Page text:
Counsellor Shagufta Hanaphie stresses the importance of parents being more friendly than firm at this time of the year. 'It is important for them to talk to their children, to listen to them and understand their needs and problems. Taking a break from studies is important. Just because exams are around the corner, parents shouldn't say 'stop all your other activities'. They should be lessened, but a break from the monotony is very necessary. Parents should be their friends.'

Through the organisation Launcherz, Shagufta has held workshops for students on all aspects of exams, including how to answer questions in the right order, overcoming nervousness and exam tension.

Stuti's parents are adept at being 'friends' with their children. Mother Pushpa asserts that her two daughters have been independent from a young age, juggling part-time jobs, extracurricular activities and studies with ease. 'We are there if they need us, but we don't interfere. They know what is good for them and how much time should be spent studying and having fun,' she adds. 'Right now, it doesn't seem like Stuti has Board exams. Everything in the house is normal... What is the point of stressing'

Binay Bhagat couldn't have managed without help from his parents either. Pressure is something this youngster understands, but buckling under is not in his nature. The Class XII student of St Augustine's Barrackpore organised the Kolkata Idol contest as a para event, on the lines of the Indian Idol TV show.

Having saved up money by giving tuition and selling his paintings, Binay hosted the event with Rs 50,000 from his own pocket. This star dramatist, artist and athlete with 150 awards under his belt is hard at work to make the second edition of the event to be held in April bigger and better.

'My parents never pressure me, they are very proud of me. I only get about two to five hours of sleep a night, but I'm fine,' says Binay. The all-rounder is confident of doing well in his final exams, having studied through the year.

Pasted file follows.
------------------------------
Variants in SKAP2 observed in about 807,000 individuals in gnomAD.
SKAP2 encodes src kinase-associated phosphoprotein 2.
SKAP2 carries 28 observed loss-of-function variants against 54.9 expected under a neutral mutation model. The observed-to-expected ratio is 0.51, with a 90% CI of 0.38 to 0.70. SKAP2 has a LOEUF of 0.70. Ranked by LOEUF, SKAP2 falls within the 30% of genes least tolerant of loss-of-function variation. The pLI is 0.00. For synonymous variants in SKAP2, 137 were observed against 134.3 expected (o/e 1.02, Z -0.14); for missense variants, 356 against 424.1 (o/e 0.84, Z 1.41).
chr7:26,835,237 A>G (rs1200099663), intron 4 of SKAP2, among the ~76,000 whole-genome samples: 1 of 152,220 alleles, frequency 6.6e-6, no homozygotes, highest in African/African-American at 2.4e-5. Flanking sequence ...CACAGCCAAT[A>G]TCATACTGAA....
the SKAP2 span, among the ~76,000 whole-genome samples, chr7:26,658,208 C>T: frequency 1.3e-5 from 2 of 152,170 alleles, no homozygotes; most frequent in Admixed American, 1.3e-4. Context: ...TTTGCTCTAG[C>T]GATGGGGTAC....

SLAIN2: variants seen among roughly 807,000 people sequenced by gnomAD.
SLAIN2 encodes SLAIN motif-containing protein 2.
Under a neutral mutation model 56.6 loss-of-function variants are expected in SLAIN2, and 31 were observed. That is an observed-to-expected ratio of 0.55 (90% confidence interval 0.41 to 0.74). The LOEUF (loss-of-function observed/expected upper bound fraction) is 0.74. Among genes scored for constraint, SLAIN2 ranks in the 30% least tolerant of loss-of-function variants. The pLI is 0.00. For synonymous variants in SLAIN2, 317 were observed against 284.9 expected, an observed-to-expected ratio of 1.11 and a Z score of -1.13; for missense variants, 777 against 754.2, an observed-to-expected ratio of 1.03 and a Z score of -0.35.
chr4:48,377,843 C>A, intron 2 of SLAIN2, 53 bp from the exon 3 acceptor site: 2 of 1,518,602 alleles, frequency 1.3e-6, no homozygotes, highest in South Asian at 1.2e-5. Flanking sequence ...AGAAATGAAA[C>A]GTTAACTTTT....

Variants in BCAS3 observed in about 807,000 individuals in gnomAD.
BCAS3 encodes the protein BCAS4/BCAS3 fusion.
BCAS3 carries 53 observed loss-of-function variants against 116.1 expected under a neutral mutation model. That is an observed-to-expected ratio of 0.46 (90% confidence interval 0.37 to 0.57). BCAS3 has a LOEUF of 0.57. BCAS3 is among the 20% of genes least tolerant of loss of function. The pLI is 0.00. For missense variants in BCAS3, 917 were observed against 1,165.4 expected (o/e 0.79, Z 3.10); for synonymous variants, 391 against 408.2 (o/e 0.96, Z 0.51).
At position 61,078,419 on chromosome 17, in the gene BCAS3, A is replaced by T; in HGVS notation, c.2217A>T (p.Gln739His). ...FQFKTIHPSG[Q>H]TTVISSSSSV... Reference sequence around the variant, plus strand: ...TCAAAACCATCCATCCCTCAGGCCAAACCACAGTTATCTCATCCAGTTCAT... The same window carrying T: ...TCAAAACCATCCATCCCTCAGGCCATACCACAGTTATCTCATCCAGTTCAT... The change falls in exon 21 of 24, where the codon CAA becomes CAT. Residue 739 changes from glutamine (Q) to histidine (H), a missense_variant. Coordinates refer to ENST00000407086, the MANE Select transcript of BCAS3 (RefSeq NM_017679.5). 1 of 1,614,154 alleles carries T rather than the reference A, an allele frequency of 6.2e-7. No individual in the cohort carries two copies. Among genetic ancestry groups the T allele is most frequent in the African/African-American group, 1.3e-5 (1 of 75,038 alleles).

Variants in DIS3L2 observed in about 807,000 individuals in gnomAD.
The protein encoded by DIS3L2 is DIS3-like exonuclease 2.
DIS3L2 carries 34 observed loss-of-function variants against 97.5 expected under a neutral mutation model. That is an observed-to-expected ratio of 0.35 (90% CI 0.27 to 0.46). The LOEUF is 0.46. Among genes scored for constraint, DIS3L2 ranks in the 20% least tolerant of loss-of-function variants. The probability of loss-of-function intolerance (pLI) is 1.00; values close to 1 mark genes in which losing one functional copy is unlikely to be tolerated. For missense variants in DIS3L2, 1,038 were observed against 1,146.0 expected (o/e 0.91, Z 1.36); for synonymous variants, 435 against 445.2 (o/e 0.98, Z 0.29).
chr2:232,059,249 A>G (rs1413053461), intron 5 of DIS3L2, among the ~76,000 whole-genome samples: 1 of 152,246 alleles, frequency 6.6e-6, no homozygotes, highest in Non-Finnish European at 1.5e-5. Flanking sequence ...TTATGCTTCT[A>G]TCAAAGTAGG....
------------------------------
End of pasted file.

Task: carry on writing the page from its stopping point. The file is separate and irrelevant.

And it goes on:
Beat the stress

'It is very important for students to have some time to themselves during exams,' stresses S. D'Souza, principal of Hartley High School. 'It also helps them manage time better. They know when to study, but also how to relax and not let the pressure get to them.'

The mother of two is happy that son Neil, in Class IX, St Xavier's School, takes time out to listen to music. 'He is a national level junior tennis champ, and he goes for practice every week. It's not a distraction.'

In Loreto Sealdah, the students stick to a normal routine despite exams. 'Otherwise, they'll get bogged down,' says Class XI and XII political science and English teacher Magdalene Gomes. 'We keep the activity schedule going, and the students also keep up with the Rainbow project.'

Barkha Sharda is a prize-winning poet and the founder-president of her school's nature club. The Class XII student of Ashok Hall has been busy through the year, participating in almost ever school fest in prose, poetry and public speaking contests, as well as doing work with underprivileged kids.

She takes no tuition either, but Barkha is confident of doing well in her Boards. 'I have given myself a month to study. That should be enough. I am not nervous about it,' says the humanities student.

Friends Karan Malhotra and Prateek Lohia are slowing down the pace of life and picking up their books more often. But the two boys still make time to type in their backlog of reports and interviews to send in to TTIS.

'In our education system, exams are a matter of life or death. The school blames the parents and the parents blame the school for the stress. Any extracurricular activity is regarded as dispensable. This system has to change for the sake of the children,' concludes Brendan McCarthaigh, CEO of the NGO Serve.

Nisha Lahiri